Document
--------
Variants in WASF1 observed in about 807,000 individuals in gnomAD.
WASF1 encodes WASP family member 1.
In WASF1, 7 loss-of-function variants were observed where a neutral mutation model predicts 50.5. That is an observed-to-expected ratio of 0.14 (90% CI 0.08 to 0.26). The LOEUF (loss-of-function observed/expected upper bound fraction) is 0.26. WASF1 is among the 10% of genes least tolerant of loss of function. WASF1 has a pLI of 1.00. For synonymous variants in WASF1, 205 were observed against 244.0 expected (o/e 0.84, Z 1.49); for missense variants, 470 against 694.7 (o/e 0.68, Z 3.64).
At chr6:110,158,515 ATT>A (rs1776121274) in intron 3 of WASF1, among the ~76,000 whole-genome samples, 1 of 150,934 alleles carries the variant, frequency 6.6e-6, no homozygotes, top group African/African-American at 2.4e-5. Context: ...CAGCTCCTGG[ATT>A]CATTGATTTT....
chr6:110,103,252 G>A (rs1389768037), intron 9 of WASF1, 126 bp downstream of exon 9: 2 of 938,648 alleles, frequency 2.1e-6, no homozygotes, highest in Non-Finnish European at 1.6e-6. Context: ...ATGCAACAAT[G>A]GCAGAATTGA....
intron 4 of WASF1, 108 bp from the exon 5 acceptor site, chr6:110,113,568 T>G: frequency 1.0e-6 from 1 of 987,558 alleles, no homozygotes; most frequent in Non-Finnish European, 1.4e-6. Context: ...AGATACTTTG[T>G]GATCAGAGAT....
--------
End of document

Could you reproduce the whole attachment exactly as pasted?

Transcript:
Variants in WASF1 observed in about 807,000 individuals in gnomAD.
WASF1 encodes WASP family member 1.
In WASF1, 7 loss-of-function variants were observed where a neutral mutation model predicts 50.5. That is an observed-to-expected ratio of 0.14 (90% CI 0.08 to 0.26). The LOEUF (loss-of-function observed/expected upper bound fraction) is 0.26. WASF1 is among the 10% of genes least tolerant of loss of function. WASF1 has a pLI of 1.00. For synonymous variants in WASF1, 205 were observed against 244.0 expected (o/e 0.84, Z 1.49); for missense variants, 470 against 694.7 (o/e 0.68, Z 3.64).
At chr6:110,158,515 ATT>A (rs1776121274) in intron 3 of WASF1, among the ~76,000 whole-genome samples, 1 of 150,934 alleles carries the variant, frequency 6.6e-6, no homozygotes, top group African/African-American at 2.4e-5. Context: ...CAGCTCCTGG[ATT>A]CATTGATTTT....
chr6:110,103,252 G>A (rs1389768037), intron 9 of WASF1, 126 bp downstream of exon 9: 2 of 938,648 alleles, frequency 2.1e-6, no homozygotes, highest in Non-Finnish European at 1.6e-6. Context: ...ATGCAACAAT[G>A]GCAGAATTGA....
intron 4 of WASF1, 108 bp from the exon 5 acceptor site, chr6:110,113,568 T>G: frequency 1.0e-6 from 1 of 987,558 alleles, no homozygotes; most frequent in Non-Finnish European, 1.4e-6. Context: ...AGATACTTTG[T>G]GATCAGAGAT....